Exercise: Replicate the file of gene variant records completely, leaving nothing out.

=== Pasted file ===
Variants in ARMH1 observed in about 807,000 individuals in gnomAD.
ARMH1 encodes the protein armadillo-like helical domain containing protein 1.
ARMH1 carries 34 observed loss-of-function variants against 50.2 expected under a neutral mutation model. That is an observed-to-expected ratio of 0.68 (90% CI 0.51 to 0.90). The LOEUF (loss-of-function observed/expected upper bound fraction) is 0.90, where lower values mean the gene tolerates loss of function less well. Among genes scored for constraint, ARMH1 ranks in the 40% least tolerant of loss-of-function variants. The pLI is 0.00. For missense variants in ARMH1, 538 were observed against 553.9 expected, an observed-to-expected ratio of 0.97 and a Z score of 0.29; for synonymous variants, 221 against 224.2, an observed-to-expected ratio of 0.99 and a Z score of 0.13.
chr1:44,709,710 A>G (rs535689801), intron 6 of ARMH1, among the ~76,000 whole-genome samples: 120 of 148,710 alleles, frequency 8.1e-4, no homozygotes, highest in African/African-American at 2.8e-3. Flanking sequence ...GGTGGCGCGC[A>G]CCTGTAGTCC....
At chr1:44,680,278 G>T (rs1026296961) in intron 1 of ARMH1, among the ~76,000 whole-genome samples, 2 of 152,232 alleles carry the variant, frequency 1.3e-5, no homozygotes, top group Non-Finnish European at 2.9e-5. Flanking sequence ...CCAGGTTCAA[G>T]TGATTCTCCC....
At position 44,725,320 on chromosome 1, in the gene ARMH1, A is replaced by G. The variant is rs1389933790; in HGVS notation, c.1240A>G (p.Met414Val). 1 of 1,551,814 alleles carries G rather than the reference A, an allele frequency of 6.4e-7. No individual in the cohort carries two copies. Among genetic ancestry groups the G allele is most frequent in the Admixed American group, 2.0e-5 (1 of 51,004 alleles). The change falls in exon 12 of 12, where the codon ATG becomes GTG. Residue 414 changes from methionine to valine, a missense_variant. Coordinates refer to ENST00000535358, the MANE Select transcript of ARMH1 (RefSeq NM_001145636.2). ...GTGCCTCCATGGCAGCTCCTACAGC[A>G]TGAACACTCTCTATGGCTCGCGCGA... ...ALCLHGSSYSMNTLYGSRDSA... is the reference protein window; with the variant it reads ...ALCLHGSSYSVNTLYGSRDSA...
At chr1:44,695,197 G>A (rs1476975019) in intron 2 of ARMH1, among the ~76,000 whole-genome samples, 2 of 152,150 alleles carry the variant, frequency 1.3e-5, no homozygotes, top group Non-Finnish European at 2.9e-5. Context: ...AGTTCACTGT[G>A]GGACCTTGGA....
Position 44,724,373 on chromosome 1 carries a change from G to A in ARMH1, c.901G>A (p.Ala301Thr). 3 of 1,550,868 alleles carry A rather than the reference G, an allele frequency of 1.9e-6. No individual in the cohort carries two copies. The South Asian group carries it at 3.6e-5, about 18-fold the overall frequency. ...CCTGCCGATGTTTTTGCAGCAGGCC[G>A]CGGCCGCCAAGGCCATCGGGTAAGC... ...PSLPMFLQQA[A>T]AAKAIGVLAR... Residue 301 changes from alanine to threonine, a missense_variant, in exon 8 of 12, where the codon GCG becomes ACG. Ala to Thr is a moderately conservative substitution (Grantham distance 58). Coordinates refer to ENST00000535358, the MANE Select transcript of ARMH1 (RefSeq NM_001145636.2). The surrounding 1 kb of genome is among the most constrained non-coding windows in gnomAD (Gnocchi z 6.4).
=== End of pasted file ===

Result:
Variants in ARMH1 observed in about 807,000 individuals in gnomAD.
ARMH1 encodes the protein armadillo-like helical domain containing protein 1.
ARMH1 carries 34 observed loss-of-function variants against 50.2 expected under a neutral mutation model. That is an observed-to-expected ratio of 0.68 (90% CI 0.51 to 0.90). The LOEUF (loss-of-function observed/expected upper bound fraction) is 0.90, where lower values mean the gene tolerates loss of function less well. Among genes scored for constraint, ARMH1 ranks in the 40% least tolerant of loss-of-function variants. The pLI is 0.00. For missense variants in ARMH1, 538 were observed against 553.9 expected, an observed-to-expected ratio of 0.97 and a Z score of 0.29; for synonymous variants, 221 against 224.2, an observed-to-expected ratio of 0.99 and a Z score of 0.13.
chr1:44,709,710 A>G (rs535689801), intron 6 of ARMH1, among the ~76,000 whole-genome samples: 120 of 148,710 alleles, frequency 8.1e-4, no homozygotes, highest in African/African-American at 2.8e-3. Flanking sequence ...GGTGGCGCGC[A>G]CCTGTAGTCC....
At chr1:44,680,278 G>T (rs1026296961) in intron 1 of ARMH1, among the ~76,000 whole-genome samples, 2 of 152,232 alleles carry the variant, frequency 1.3e-5, no homozygotes, top group Non-Finnish European at 2.9e-5. Flanking sequence ...CCAGGTTCAA[G>T]TGATTCTCCC....
At position 44,725,320 on chromosome 1, in the gene ARMH1, A is replaced by G. The variant is rs1389933790; in HGVS notation, c.1240A>G (p.Met414Val). 1 of 1,551,814 alleles carries G rather than the reference A, an allele frequency of 6.4e-7. No individual in the cohort carries two copies. Among genetic ancestry groups the G allele is most frequent in the Admixed American group, 2.0e-5 (1 of 51,004 alleles). The change falls in exon 12 of 12, where the codon ATG becomes GTG. Residue 414 changes from methionine to valine, a missense_variant. Coordinates refer to ENST00000535358, the MANE Select transcript of ARMH1 (RefSeq NM_001145636.2). ...GTGCCTCCATGGCAGCTCCTACAGC[A>G]TGAACACTCTCTATGGCTCGCGCGA... ...ALCLHGSSYSMNTLYGSRDSA... is the reference protein window; with the variant it reads ...ALCLHGSSYSVNTLYGSRDSA...
At chr1:44,695,197 G>A (rs1476975019) in intron 2 of ARMH1, among the ~76,000 whole-genome samples, 2 of 152,150 alleles carry the variant, frequency 1.3e-5, no homozygotes, top group Non-Finnish European at 2.9e-5. Context: ...AGTTCACTGT[G>A]GGACCTTGGA....
Position 44,724,373 on chromosome 1 carries a change from G to A in ARMH1, c.901G>A (p.Ala301Thr). 3 of 1,550,868 alleles carry A rather than the reference G, an allele frequency of 1.9e-6. No individual in the cohort carries two copies. The South Asian group carries it at 3.6e-5, about 18-fold the overall frequency. ...CCTGCCGATGTTTTTGCAGCAGGCC[G>A]CGGCCGCCAAGGCCATCGGGTAAGC... ...PSLPMFLQQA[A>T]AAKAIGVLAR... Residue 301 changes from alanine to threonine, a missense_variant, in exon 8 of 12, where the codon GCG becomes ACG. Ala to Thr is a moderately conservative substitution (Grantham distance 58). Coordinates refer to ENST00000535358, the MANE Select transcript of ARMH1 (RefSeq NM_001145636.2). The surrounding 1 kb of genome is among the most constrained non-coding windows in gnomAD (Gnocchi z 6.4).